Forever Redwood: Restoration Forestry
Forests can be restored back to Old-Growth Again. We are doing it.
Old-Growth Again Restoration Forestry (OGA) is the parent company of Forever Redwood. OGA is a "hands-on" organization restoring logged forestlands back to their ancient form. Restoration forestry works with the forest to grow large and old trees over time and maintain them in perpetuity.
Forests of large trees sequester enormous quantities of carbon from the atmosphere. Consistently increasing and permanent carbon sequestration adds to climactic stability and global cooling. Equally important, forest management that works with the forest to bring back ancient trees in perpetuity helps reverse biological diversity declines by recreating old-growth habitat conditions. It takes time, money and a lot of physical work, but dramatic changes occur in a relatively short time. Come visit and see what we've accomplished since 1995.
Your Forever Redwood furniture purchase funds the restoration work entirely. Thank you for your support. We hope to restore nearby forests in the coming years. There is no lack of overly harvested forestland anywhere in the world.
We are often asked: How can you save forestlands if you cut trees to make furniture? For a complete answer, please download our Forest Restoration Manual (13.5 MB). The 85-page PDF file details OGA's pioneering Restoration Forestry practices. A shorter answer is below:
OGA works with the forest to restore the severe changes caused by industrial logging. For example, the softwood timber volume of our Annapolis, CA forestlands (Redwood, Douglas-fir and Sugar Pine) was reduced from an average of 50,000 board feet per acre (bf/ac) in the 1950's to below 5,000 bf/ac by 1972. At the same time, many of the competing hardwoods were left standing (Tan Oak, Madrone, Live Oak, Bay Laurel, Manzanita and others). This resulted in reducing the standing softwood timber volume of the forest to below 10% of its standing capacity while the hardwood volume jumped from approximately 15% of total volume to over 50%. The forest became an overcrowded fire hazard of suppressed and poor quality trees that was nothing like the old forest it replaced.
OGA begins by thinning the hardwoods at the same rate they are growing (about 35% each decade) so they will not increase in actual volume over time. Many of the thinned trees are of poor quality or are suppressed trees that will not survive and contribute to the already high fire hazard. Each thinning is a labor intensive effort (no chemicals are ever used) that lowers the fire hazard while improving overall tree quality and spacing. Practicing these steps consistently over time allow the large softwood trees to slowly regain dominance of the forest again. OGA also thins the softwoods (Redwood, Douglas-fir and Sugar Pine) at 10% per decade while the forest is growing approximately 35% per decade at this point in its maturation. From this very conservative harvesting, we make our "Mature Redwood" and "Redwood" grades of lumber furniture. Careful soil building and tree planting practices are an integral part of restoration. We plant several thousand 3 to 4 ft tall seedlings with hearty well-established 5 gallon root balls each winter. The trees are grown in our nursery and planted in-between trees in thinned areas where the canopy is mostly closed.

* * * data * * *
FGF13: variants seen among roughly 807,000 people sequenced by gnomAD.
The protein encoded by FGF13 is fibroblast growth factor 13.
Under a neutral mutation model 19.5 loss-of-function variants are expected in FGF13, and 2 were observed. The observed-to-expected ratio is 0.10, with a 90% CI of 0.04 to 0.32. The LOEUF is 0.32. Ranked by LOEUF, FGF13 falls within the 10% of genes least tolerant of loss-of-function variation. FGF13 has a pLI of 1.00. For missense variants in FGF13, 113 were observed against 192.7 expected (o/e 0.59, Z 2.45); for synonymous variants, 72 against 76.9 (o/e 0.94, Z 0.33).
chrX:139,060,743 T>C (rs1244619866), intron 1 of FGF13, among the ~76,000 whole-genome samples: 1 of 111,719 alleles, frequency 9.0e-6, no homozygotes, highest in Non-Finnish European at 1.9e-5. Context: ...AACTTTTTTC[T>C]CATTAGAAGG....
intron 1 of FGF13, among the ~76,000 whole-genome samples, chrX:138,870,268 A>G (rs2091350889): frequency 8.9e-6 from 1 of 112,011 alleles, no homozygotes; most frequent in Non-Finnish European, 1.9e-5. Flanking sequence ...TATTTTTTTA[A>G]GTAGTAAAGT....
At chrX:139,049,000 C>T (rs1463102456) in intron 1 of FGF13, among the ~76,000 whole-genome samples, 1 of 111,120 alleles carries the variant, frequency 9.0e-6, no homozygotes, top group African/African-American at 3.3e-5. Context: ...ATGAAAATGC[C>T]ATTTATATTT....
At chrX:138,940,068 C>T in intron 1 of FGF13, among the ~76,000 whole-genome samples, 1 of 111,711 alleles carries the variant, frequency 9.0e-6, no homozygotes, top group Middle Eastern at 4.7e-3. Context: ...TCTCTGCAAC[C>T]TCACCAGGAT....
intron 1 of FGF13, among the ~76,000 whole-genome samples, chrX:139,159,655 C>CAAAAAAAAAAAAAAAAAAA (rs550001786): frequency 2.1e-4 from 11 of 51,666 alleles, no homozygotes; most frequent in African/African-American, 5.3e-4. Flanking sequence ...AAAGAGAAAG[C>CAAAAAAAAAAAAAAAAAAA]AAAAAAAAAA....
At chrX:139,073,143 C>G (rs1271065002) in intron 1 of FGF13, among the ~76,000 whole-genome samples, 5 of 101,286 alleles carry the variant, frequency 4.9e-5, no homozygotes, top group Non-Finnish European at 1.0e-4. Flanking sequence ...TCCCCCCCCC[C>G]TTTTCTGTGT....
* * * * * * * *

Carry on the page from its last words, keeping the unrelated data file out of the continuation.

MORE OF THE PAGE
OGA takes extreme measures to care for and rebuild the forest soil. We do not burn slash, never run equipment off skid trails and do not use chemicals of any kind including fertilizers. All leaves and small branches are cut to below 1 ft of height and spread on the forest floor to add nutrients and structure to the soil. Most down woody debris that was inherited on our lands is retained and each 10-year thinning adds more downed logs to build moisture and habitat. We thin "from below" and remove many lower limbs of retained trees to lower the risk of catastrophic fire. We retain most "wildlife" trees (snags, dead top trees, etc.) and set aside 5 trees (of all species) per acre to never be cut. Combining these steps and many more helps the forest develop large mature and old-growth trees over time.
Restoration forestry is a more conservative forestry practice than "Sustainable forestry." For example, forests under restoration forestry management sequester two and half to three times more carbon in perpetuity than forests managed under the strictest "sustainable forestry" standards in practice as of 2011. OGA's mission is to demonstrate how restoration forestry allows both the forest and the human community around it to flourish symbiotically. It is a long-term example of how a forest can contribute to the human society surrounding it while flourishing in all respects simultaneously. A forest managed this way for just a few decades is a striking contrast to an industrial or even a "sustainably" managed forest. Thank you for helping spread Restoration forestry knowledge and its use. Our forest restoration manual includes additional reading references and the legal framework (conservation easements) to restore any forest and keep the restoration in place through subsequent ownerships.
If you own forestland that needs restoration and re-vitalization we can help. If you own Redwood forestlands in Sonoma, Mendocino or Humboldt counties and are interesting in having your lands managed under a Restoration Forestry regimen long-term, please email us at Info@ForeverRedwood.com or download our Forest Restoration Manual.
Would you like to learn more about Restoration Forestry? Our Restoration Forestry manual includes references to excellent books on good forestry practices Also, we invite you to read "The Economic Aspect of Ecoforestry" by the late Dr. Hans Burkhardt, one of the guiding lights of the Restoration Forestry movement and a personal mentor to our team.
Giant Sequoia Tree
2000 yeard old giant sequoia tree at Museum of Science Driveway of Boston.